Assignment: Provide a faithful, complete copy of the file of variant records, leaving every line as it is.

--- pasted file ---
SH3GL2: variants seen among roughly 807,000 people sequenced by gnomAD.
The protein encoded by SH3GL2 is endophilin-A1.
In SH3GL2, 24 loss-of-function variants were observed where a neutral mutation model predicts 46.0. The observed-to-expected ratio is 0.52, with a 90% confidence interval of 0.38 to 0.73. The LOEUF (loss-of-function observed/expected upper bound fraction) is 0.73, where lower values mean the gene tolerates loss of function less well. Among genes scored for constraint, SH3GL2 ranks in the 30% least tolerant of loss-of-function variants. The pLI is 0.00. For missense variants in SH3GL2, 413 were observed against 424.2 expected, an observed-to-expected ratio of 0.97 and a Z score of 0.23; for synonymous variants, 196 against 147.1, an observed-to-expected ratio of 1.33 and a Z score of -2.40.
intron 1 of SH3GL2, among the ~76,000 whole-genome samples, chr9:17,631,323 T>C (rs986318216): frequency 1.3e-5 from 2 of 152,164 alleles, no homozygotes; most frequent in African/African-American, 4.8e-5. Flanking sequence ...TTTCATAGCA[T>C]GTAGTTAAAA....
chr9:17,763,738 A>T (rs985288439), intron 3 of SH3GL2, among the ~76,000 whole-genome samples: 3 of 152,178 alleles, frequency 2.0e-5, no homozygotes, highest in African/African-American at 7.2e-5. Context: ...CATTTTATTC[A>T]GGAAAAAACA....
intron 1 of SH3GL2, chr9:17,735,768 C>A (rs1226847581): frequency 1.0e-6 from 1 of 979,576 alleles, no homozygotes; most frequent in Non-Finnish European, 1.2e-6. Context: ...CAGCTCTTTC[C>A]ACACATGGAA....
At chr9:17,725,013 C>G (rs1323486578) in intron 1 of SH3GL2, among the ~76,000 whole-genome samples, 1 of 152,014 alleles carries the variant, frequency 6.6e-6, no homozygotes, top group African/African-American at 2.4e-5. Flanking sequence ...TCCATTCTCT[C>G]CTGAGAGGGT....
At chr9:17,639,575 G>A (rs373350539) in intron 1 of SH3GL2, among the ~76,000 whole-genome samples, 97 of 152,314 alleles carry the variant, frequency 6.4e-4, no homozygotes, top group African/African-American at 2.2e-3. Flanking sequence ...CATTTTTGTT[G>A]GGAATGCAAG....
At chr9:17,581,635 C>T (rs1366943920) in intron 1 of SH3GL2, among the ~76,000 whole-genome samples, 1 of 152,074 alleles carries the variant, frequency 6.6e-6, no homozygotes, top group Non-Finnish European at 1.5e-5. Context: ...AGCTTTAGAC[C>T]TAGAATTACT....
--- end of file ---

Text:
SH3GL2: variants seen among roughly 807,000 people sequenced by gnomAD.
The protein encoded by SH3GL2 is endophilin-A1.
In SH3GL2, 24 loss-of-function variants were observed where a neutral mutation model predicts 46.0. The observed-to-expected ratio is 0.52, with a 90% confidence interval of 0.38 to 0.73. The LOEUF (loss-of-function observed/expected upper bound fraction) is 0.73, where lower values mean the gene tolerates loss of function less well. Among genes scored for constraint, SH3GL2 ranks in the 30% least tolerant of loss-of-function variants. The pLI is 0.00. For missense variants in SH3GL2, 413 were observed against 424.2 expected, an observed-to-expected ratio of 0.97 and a Z score of 0.23; for synonymous variants, 196 against 147.1, an observed-to-expected ratio of 1.33 and a Z score of -2.40.
intron 1 of SH3GL2, among the ~76,000 whole-genome samples, chr9:17,631,323 T>C (rs986318216): frequency 1.3e-5 from 2 of 152,164 alleles, no homozygotes; most frequent in African/African-American, 4.8e-5. Flanking sequence ...TTTCATAGCA[T>C]GTAGTTAAAA....
chr9:17,763,738 A>T (rs985288439), intron 3 of SH3GL2, among the ~76,000 whole-genome samples: 3 of 152,178 alleles, frequency 2.0e-5, no homozygotes, highest in African/African-American at 7.2e-5. Context: ...CATTTTATTC[A>T]GGAAAAAACA....
intron 1 of SH3GL2, chr9:17,735,768 C>A (rs1226847581): frequency 1.0e-6 from 1 of 979,576 alleles, no homozygotes; most frequent in Non-Finnish European, 1.2e-6. Context: ...CAGCTCTTTC[C>A]ACACATGGAA....
At chr9:17,725,013 C>G (rs1323486578) in intron 1 of SH3GL2, among the ~76,000 whole-genome samples, 1 of 152,014 alleles carries the variant, frequency 6.6e-6, no homozygotes, top group African/African-American at 2.4e-5. Flanking sequence ...TCCATTCTCT[C>G]CTGAGAGGGT....
At chr9:17,639,575 G>A (rs373350539) in intron 1 of SH3GL2, among the ~76,000 whole-genome samples, 97 of 152,314 alleles carry the variant, frequency 6.4e-4, no homozygotes, top group African/African-American at 2.2e-3. Flanking sequence ...CATTTTTGTT[G>A]GGAATGCAAG....
At chr9:17,581,635 C>T (rs1366943920) in intron 1 of SH3GL2, among the ~76,000 whole-genome samples, 1 of 152,074 alleles carries the variant, frequency 6.6e-6, no homozygotes, top group Non-Finnish European at 1.5e-5. Context: ...AGCTTTAGAC[C>T]TAGAATTACT....